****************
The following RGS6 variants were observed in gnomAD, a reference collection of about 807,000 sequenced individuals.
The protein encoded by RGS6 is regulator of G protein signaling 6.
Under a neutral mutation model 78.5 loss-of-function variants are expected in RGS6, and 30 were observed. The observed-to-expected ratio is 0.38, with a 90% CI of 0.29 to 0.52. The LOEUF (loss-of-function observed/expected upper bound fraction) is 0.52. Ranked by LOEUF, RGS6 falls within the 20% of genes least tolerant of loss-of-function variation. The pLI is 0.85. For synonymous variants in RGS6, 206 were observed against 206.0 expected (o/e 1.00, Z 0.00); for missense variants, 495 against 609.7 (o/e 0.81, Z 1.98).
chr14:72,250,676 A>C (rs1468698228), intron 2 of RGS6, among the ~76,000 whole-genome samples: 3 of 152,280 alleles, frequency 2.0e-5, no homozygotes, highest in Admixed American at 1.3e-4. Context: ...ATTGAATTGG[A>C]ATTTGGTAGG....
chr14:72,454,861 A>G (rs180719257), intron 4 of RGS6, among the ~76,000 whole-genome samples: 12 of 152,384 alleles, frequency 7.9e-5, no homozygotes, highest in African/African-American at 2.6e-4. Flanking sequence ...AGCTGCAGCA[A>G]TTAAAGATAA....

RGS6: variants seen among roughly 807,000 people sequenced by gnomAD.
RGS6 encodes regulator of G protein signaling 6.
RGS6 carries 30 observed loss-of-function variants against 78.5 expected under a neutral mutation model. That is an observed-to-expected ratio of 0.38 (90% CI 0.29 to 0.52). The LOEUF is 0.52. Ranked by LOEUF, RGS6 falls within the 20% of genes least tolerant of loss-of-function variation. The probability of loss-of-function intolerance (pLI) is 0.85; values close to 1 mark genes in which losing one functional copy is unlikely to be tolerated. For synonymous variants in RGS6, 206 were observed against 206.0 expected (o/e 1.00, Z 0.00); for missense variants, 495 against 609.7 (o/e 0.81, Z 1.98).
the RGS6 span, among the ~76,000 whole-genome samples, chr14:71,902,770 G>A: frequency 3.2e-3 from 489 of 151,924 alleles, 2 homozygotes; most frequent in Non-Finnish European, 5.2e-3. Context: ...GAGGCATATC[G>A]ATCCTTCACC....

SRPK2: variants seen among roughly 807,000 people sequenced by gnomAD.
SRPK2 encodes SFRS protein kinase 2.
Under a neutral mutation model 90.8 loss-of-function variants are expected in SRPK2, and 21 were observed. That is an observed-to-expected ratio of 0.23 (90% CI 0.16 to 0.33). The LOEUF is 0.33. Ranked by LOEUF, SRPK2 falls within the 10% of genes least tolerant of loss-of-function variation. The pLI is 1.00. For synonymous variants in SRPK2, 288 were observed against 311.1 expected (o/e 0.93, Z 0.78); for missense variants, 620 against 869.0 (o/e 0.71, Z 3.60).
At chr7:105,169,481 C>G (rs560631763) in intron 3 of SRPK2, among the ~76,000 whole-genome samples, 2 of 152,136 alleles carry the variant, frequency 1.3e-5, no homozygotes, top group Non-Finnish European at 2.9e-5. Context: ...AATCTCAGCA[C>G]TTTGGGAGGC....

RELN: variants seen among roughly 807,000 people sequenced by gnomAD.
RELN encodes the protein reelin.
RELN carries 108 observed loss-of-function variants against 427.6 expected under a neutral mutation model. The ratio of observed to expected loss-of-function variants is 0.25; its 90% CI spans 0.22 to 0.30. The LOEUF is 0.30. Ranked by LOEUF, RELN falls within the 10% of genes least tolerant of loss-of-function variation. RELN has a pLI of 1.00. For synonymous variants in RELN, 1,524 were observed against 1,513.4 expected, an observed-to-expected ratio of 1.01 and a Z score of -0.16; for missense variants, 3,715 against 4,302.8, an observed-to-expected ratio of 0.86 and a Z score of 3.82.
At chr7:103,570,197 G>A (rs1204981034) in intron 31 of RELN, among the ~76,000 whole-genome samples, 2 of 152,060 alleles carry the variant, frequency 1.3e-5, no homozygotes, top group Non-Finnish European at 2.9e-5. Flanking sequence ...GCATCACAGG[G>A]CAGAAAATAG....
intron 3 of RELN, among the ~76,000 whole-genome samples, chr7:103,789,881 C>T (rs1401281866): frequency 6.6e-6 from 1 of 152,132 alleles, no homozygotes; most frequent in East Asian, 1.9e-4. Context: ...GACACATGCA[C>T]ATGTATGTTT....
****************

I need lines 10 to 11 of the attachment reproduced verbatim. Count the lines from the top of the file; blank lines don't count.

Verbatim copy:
SRPK2: variants seen among roughly 807,000 people sequenced by gnomAD.
SRPK2 encodes SFRS protein kinase 2.